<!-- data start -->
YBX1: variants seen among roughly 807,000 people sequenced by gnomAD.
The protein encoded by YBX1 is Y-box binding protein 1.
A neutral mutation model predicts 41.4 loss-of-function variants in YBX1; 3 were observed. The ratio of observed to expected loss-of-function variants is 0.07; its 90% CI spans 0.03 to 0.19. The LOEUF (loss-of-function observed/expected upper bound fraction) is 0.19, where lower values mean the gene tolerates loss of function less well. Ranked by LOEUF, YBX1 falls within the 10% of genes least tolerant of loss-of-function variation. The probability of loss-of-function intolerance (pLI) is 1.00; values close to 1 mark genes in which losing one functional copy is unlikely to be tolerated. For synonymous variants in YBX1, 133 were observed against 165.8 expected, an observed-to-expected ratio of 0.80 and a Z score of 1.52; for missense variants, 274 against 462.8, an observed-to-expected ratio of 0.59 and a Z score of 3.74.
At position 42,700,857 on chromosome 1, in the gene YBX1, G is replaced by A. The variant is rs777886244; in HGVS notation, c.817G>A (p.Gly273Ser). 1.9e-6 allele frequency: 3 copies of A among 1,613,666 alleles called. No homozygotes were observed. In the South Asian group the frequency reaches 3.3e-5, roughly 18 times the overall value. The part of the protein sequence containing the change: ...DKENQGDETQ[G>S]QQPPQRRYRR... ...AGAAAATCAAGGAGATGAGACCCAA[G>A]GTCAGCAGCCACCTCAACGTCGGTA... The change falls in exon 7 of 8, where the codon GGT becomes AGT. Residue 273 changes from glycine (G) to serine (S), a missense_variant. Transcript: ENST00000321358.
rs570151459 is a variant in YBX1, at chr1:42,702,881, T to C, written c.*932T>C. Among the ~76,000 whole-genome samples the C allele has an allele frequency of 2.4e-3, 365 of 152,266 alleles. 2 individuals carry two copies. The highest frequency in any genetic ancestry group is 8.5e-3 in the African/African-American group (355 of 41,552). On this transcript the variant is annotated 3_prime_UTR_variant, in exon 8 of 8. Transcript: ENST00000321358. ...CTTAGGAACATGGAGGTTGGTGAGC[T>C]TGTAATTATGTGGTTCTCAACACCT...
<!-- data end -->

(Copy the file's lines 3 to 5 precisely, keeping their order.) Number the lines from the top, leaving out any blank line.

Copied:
A neutral mutation model predicts 41.4 loss-of-function variants in YBX1; 3 were observed. The ratio of observed to expected loss-of-function variants is 0.07; its 90% CI spans 0.03 to 0.19. The LOEUF (loss-of-function observed/expected upper bound fraction) is 0.19, where lower values mean the gene tolerates loss of function less well. Ranked by LOEUF, YBX1 falls within the 10% of genes least tolerant of loss-of-function variation. The probability of loss-of-function intolerance (pLI) is 1.00; values close to 1 mark genes in which losing one functional copy is unlikely to be tolerated. For synonymous variants in YBX1, 133 were observed against 165.8 expected, an observed-to-expected ratio of 0.80 and a Z score of 1.52; for missense variants, 274 against 462.8, an observed-to-expected ratio of 0.59 and a Z score of 3.74.
At position 42,700,857 on chromosome 1, in the gene YBX1, G is replaced by A. The variant is rs777886244; in HGVS notation, c.817G>A (p.Gly273Ser). 1.9e-6 allele frequency: 3 copies of A among 1,613,666 alleles called. No homozygotes were observed. In the South Asian group the frequency reaches 3.3e-5, roughly 18 times the overall value. The part of the protein sequence containing the change: ...DKENQGDETQ[G>S]QQPPQRRYRR... ...AGAAAATCAAGGAGATGAGACCCAA[G>A]GTCAGCAGCCACCTCAACGTCGGTA... The change falls in exon 7 of 8, where the codon GGT becomes AGT. Residue 273 changes from glycine (G) to serine (S), a missense_variant. Transcript: ENST00000321358.
rs570151459 is a variant in YBX1, at chr1:42,702,881, T to C, written c.*932T>C. Among the ~76,000 whole-genome samples the C allele has an allele frequency of 2.4e-3, 365 of 152,266 alleles. 2 individuals carry two copies. The highest frequency in any genetic ancestry group is 8.5e-3 in the African/African-American group (355 of 41,552). On this transcript the variant is annotated 3_prime_UTR_variant, in exon 8 of 8. Transcript: ENST00000321358. ...CTTAGGAACATGGAGGTTGGTGAGC[T>C]TGTAATTATGTGGTTCTCAACACCT...